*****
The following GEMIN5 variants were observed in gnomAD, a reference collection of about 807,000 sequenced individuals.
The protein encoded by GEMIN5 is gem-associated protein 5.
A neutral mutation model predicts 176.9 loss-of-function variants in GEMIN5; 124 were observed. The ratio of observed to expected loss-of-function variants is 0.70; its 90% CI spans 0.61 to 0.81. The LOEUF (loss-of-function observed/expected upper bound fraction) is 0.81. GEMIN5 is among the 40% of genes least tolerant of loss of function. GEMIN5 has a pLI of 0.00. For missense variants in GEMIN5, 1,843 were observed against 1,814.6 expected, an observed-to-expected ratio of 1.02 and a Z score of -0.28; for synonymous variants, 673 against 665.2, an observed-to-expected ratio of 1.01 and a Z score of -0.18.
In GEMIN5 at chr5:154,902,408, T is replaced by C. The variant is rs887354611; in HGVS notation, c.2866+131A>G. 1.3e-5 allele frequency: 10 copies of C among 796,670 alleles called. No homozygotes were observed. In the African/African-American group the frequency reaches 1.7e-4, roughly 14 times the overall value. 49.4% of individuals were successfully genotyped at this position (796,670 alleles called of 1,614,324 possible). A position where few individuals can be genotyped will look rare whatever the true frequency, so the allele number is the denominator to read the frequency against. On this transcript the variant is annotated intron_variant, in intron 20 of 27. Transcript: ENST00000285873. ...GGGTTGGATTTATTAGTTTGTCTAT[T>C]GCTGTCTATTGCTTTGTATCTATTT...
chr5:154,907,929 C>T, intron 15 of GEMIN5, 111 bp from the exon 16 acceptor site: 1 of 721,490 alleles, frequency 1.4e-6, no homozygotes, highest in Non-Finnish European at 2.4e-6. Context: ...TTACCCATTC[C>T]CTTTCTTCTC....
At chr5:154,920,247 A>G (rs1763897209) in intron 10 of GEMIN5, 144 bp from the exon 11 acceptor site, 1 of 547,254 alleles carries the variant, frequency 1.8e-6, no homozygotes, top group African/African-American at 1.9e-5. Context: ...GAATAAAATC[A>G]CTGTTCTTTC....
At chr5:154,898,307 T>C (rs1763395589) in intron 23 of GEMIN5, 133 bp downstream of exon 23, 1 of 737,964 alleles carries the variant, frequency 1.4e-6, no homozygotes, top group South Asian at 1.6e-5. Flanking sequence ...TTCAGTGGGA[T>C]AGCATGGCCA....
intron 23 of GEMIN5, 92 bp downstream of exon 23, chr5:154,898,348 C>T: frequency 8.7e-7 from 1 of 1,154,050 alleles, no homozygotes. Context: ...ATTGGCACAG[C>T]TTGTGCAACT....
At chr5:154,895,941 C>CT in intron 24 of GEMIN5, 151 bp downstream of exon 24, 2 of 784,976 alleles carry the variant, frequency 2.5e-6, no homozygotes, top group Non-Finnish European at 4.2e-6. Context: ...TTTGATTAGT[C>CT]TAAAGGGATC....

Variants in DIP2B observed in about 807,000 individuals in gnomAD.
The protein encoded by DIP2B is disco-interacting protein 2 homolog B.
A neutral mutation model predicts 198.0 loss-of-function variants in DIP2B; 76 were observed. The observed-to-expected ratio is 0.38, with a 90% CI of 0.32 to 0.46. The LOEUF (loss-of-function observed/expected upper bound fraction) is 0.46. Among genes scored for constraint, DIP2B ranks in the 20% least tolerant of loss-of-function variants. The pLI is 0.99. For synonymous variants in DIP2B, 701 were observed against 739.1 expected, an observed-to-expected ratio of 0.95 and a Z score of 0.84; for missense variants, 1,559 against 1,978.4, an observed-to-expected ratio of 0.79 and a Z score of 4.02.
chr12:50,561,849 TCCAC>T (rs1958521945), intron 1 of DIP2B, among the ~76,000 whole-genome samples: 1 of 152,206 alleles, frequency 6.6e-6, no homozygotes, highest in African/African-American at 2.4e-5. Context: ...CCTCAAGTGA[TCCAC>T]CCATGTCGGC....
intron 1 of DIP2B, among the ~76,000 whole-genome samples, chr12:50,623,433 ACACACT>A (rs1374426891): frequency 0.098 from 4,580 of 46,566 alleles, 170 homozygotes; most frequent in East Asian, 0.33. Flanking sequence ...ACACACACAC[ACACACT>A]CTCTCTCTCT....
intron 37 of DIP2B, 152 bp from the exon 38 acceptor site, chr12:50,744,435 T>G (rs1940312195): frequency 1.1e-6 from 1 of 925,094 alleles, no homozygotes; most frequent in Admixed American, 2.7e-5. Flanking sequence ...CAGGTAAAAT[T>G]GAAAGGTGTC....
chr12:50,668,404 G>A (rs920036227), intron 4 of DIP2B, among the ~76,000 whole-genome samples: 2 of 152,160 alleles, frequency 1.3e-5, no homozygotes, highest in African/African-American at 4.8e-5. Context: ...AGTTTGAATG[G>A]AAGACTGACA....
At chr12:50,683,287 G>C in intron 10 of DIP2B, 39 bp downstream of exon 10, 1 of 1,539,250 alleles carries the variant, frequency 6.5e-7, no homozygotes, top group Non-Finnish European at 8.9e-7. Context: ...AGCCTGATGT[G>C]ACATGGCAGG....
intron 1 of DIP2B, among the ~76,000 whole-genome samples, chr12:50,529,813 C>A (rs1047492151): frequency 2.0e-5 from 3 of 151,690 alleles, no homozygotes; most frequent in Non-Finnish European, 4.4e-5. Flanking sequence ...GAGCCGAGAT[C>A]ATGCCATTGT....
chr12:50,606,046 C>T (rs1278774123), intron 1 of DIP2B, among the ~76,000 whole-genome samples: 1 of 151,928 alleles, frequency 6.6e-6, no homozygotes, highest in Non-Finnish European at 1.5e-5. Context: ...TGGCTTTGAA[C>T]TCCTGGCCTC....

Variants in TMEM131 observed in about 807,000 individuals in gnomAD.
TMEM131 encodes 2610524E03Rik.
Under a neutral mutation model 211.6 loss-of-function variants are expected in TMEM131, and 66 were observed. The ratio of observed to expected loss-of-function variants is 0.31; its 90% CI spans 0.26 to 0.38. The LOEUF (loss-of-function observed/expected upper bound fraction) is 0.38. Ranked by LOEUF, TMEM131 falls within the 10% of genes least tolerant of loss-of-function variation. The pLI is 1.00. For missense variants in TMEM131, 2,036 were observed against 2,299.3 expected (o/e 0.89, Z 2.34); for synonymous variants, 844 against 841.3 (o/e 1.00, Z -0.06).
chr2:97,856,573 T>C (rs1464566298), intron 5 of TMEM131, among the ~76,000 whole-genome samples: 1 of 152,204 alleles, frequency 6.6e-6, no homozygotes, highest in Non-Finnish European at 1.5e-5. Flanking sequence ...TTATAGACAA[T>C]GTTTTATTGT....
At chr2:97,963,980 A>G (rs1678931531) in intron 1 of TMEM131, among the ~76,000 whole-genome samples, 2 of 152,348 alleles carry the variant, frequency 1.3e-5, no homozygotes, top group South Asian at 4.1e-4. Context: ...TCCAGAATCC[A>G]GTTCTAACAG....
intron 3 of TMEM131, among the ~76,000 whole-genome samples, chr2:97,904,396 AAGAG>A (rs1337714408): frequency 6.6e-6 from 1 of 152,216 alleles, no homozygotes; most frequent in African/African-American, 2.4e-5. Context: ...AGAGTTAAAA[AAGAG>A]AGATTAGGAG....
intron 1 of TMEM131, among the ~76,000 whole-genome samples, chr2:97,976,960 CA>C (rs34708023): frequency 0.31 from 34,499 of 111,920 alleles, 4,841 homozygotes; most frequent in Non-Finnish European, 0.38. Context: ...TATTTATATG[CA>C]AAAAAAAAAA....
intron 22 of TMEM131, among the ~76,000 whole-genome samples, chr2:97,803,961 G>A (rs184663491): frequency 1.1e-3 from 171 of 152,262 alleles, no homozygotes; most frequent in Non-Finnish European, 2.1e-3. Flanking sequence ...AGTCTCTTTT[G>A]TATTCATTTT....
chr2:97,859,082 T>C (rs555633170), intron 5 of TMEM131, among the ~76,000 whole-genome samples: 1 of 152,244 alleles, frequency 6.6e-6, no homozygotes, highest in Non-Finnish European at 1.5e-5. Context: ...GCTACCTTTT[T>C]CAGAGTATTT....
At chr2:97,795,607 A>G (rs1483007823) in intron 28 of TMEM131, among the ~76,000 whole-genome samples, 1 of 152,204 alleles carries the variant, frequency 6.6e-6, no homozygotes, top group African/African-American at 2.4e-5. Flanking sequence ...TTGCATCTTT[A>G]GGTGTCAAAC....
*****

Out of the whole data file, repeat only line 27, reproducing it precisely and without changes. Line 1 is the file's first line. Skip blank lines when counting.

intron 22 of TMEM131, among the ~76,000 whole-genome samples, chr2:97,803,961 G>A (rs184663491): frequency 1.1e-3 from 171 of 152,262 alleles, no homozygotes; most frequent in Non-Finnish European, 2.1e-3. Flanking sequence ...AGTCTCTTTT[G>A]TATTCATTTT....